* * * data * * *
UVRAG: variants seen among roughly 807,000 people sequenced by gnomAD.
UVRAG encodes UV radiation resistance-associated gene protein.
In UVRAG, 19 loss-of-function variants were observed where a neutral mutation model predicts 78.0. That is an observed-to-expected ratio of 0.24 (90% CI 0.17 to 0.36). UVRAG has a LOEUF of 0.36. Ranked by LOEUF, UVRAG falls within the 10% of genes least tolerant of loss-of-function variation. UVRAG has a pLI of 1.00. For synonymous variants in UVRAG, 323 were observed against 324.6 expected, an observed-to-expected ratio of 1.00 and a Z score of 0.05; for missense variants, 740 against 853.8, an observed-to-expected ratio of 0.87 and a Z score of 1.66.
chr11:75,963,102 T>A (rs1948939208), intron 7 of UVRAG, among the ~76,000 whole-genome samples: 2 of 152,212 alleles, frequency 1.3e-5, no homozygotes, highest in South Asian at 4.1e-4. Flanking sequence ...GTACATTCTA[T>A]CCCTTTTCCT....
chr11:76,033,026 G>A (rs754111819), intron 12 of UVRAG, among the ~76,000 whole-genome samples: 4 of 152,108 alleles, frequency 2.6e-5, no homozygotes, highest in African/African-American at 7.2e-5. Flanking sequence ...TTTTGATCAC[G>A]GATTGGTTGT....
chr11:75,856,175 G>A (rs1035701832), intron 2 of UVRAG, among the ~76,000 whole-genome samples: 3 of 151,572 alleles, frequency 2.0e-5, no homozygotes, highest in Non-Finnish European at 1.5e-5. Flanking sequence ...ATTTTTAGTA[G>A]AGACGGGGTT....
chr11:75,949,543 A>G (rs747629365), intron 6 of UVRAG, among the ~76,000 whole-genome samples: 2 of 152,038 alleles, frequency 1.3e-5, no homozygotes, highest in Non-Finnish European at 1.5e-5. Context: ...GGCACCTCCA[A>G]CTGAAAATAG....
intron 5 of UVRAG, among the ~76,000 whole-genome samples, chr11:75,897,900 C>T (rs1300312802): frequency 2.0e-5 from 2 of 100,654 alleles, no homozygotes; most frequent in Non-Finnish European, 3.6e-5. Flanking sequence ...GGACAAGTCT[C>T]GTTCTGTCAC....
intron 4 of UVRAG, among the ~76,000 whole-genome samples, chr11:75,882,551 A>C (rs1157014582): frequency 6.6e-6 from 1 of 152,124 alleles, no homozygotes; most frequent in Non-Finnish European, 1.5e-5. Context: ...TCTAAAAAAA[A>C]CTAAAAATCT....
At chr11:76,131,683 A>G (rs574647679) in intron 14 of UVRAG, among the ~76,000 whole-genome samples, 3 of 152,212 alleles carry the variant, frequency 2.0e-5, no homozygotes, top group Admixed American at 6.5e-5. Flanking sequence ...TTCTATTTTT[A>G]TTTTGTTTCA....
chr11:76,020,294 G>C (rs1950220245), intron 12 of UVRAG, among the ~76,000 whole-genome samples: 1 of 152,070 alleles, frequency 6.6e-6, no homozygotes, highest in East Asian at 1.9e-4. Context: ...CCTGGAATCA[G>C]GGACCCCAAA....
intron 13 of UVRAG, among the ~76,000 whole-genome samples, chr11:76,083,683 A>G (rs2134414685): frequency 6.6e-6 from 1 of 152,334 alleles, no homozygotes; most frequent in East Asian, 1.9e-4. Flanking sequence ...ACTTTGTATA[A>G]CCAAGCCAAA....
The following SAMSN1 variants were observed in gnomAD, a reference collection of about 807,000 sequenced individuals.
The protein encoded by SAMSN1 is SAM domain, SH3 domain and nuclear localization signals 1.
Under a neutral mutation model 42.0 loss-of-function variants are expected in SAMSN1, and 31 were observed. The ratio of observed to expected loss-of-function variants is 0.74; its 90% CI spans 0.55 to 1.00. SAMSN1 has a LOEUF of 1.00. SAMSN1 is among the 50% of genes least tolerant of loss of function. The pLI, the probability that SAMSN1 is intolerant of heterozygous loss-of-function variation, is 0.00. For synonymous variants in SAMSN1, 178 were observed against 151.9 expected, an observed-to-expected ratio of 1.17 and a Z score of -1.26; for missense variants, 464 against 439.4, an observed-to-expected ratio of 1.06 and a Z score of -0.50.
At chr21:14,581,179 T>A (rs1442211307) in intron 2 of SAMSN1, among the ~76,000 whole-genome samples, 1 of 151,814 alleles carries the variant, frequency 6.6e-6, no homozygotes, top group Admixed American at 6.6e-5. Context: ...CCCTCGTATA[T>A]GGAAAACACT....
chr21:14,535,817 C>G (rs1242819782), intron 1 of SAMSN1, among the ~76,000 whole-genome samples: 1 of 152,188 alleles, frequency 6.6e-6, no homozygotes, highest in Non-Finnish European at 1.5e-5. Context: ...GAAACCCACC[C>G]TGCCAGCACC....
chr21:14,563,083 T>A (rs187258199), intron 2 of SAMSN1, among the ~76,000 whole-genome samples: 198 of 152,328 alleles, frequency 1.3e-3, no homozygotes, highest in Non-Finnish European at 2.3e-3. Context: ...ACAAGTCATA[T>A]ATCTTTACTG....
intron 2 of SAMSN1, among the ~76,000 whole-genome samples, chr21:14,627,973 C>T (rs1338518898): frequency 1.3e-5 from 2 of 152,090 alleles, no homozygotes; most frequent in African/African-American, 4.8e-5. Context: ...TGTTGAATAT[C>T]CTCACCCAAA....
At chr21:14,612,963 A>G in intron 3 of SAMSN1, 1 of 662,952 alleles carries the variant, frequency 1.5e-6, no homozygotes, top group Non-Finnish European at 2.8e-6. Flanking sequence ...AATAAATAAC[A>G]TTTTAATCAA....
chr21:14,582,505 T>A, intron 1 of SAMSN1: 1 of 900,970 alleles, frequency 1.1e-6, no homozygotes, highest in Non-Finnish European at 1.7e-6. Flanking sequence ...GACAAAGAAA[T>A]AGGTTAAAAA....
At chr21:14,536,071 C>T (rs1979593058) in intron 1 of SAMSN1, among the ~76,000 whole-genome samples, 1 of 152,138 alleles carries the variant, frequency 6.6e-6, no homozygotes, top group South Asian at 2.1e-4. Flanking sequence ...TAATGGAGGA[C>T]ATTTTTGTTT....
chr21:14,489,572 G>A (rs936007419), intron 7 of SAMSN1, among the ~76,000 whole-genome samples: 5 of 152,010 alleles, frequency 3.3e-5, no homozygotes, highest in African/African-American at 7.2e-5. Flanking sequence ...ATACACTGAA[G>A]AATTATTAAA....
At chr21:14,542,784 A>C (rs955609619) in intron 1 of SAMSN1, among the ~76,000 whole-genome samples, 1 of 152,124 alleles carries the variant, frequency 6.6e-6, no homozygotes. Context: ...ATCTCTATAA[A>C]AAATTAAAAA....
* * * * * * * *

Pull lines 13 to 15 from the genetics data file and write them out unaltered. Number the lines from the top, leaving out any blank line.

The following SAMSN1 variants were observed in gnomAD, a reference collection of about 807,000 sequenced individuals.
The protein encoded by SAMSN1 is SAM domain, SH3 domain and nuclear localization signals 1.
Under a neutral mutation model 42.0 loss-of-function variants are expected in SAMSN1, and 31 were observed. The ratio of observed to expected loss-of-function variants is 0.74; its 90% CI spans 0.55 to 1.00. SAMSN1 has a LOEUF of 1.00. SAMSN1 is among the 50% of genes least tolerant of loss of function. The pLI, the probability that SAMSN1 is intolerant of heterozygous loss-of-function variation, is 0.00. For synonymous variants in SAMSN1, 178 were observed against 151.9 expected, an observed-to-expected ratio of 1.17 and a Z score of -1.26; for missense variants, 464 against 439.4, an observed-to-expected ratio of 1.06 and a Z score of -0.50.